Reimagine the path to long-term growth and increased stakeholder value while supporting the economic recovery in a socially responsible manner.
The financial services industry is undergoing a profound transformation, rooted in data and powered by emerging technologies. The COVID-19 pandemic and its fallout provide an opportunity to accelerate the customer-centric strategies and efficient business models that will define future success, while also leading today’s economic recovery efforts in ways that reflect a sincere sense of social responsibility.
Quickly adopting new technologies is more crucial than ever to creating long-term stakeholder value and fulfilling social responsibilities.
The S-curve that defines technology’s path from idea to strategic adoption has been compressing rapidly in recent years, and the changes inspired by the pandemic will shorten it even more.
To generate long-term growth and value in this environment, financial institutions (FIs) must embrace a “future-back” approach to planning that identifies a variety of potential futures and works backward to create a sense of shared strategic purpose and buy-in among stakeholders.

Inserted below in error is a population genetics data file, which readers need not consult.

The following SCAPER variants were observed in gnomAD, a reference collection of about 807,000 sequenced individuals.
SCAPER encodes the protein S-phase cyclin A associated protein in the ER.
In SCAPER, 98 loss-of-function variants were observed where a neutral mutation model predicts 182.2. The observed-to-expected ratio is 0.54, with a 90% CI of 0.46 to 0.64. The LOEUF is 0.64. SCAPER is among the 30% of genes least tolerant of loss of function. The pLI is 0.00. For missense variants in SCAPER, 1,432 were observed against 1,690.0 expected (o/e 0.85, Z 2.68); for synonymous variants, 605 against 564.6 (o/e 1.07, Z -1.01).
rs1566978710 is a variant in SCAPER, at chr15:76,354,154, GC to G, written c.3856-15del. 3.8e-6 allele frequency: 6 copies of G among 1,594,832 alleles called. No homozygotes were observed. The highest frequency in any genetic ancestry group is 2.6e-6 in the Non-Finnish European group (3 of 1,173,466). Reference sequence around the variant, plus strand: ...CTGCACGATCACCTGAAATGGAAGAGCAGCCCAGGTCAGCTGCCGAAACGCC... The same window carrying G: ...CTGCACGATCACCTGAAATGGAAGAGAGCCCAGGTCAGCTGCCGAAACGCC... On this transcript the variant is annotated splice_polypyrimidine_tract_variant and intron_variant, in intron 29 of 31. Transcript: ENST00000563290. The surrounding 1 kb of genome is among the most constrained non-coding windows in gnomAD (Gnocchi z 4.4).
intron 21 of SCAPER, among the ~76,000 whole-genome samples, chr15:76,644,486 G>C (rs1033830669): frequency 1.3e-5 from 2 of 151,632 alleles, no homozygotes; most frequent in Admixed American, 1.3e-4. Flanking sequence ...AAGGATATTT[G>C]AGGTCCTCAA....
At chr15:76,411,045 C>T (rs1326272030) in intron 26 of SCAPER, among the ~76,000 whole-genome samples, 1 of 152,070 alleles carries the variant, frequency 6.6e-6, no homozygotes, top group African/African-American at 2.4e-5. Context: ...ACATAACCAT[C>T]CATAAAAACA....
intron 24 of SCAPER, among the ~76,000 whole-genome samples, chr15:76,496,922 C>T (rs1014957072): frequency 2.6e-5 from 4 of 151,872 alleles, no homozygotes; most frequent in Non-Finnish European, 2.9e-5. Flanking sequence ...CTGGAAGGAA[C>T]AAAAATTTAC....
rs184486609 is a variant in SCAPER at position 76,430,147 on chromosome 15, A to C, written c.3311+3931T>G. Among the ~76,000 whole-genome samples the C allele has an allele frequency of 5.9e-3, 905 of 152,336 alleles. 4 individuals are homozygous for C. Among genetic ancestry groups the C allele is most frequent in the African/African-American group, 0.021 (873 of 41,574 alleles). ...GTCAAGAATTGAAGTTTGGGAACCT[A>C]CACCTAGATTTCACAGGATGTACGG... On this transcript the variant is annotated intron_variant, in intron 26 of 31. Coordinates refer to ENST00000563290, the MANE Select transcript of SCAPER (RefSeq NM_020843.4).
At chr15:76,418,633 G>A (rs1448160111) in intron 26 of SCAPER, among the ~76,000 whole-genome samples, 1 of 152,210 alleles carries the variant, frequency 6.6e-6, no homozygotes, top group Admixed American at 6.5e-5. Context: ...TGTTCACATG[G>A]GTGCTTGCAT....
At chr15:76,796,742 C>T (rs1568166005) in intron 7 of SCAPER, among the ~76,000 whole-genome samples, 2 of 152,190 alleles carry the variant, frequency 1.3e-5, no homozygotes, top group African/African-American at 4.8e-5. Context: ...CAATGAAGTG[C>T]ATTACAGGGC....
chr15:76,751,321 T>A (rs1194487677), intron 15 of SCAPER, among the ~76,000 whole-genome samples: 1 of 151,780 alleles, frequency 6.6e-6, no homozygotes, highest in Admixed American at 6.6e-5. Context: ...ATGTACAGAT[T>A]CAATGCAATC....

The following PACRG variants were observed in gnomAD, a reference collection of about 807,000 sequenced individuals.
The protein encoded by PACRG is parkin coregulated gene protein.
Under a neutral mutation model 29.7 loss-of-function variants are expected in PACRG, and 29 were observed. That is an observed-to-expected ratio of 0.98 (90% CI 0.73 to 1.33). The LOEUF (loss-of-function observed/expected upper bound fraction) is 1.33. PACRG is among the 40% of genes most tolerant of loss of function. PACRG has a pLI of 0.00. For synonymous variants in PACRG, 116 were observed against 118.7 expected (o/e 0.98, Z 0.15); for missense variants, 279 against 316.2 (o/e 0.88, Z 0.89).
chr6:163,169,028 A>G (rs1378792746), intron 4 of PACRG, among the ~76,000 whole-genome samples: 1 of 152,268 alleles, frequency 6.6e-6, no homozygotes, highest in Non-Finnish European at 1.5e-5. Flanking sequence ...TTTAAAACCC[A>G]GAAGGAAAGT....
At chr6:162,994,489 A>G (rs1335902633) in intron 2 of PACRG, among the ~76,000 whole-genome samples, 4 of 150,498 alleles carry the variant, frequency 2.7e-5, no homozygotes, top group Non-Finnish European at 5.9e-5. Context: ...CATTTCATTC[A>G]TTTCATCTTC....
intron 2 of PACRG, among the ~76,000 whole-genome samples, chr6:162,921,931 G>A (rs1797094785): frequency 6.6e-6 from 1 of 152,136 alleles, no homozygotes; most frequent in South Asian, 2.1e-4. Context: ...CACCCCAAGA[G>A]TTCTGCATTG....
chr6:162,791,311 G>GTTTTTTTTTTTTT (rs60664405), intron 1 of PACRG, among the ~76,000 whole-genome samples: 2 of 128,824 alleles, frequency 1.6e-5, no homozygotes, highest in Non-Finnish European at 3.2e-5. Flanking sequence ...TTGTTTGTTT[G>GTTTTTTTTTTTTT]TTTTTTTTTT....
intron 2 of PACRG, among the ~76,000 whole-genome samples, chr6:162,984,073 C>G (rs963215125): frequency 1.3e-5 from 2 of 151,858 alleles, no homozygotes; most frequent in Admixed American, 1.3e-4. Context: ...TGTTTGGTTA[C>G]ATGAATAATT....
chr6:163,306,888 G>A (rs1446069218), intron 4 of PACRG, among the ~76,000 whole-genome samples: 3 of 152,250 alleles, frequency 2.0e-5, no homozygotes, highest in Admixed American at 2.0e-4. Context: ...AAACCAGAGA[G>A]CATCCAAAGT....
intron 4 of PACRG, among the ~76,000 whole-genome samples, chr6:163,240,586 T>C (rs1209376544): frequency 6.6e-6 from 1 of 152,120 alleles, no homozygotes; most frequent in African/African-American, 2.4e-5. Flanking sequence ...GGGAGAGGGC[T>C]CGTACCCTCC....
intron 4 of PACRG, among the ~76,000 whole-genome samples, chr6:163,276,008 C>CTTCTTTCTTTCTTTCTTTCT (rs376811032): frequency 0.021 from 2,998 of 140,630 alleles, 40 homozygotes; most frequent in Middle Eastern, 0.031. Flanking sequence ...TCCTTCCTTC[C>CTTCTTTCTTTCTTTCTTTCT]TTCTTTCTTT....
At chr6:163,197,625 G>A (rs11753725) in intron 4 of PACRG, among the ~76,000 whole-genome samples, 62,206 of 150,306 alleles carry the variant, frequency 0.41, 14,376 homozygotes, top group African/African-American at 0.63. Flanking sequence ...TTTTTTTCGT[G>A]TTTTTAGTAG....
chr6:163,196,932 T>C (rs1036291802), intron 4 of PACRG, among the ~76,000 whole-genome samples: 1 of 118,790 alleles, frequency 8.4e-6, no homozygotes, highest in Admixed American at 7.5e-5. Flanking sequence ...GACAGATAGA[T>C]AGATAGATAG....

That means harnessing large volumes of real-time data to better understand customers’ needs and using those insights to forge deeper emotional connections. At the same time, FIs must improve financial performance by elevating enterprise efficiency and resiliency and effectively managing risk, while supporting the economic recovery.
Emerging technologies are key to achieving these and other data-driven objectives. Moving forward, cloud-by-design architectures and connected platform ecosystems will be strategic necessities for managing data volumes and costs, strengthening security and improving the employee experience.
Reimagining how to achieve long-term growth and increase stakeholder value, while also supporting the economic recovery in a socially responsible manner, will require FIs to concentrate their efforts in five areas:
- Adapting to changing customer preferences and needs
- Elevating enterprise efficiency and resilience
- Driving differential business performance
- Redefining the sustainable workplace
- Managing risk effectively through the cycle
Accelerating digital enterprise transformation is not without challenges. But now more than ever, the path to growth and long-term value creation lies in making critical decisions in the current economic cycle.
Provide personalized customer experiences
The world has shifted dramatically for most customers. Being attuned to those changes and acting proactively to meet their emerging needs is more important than ever.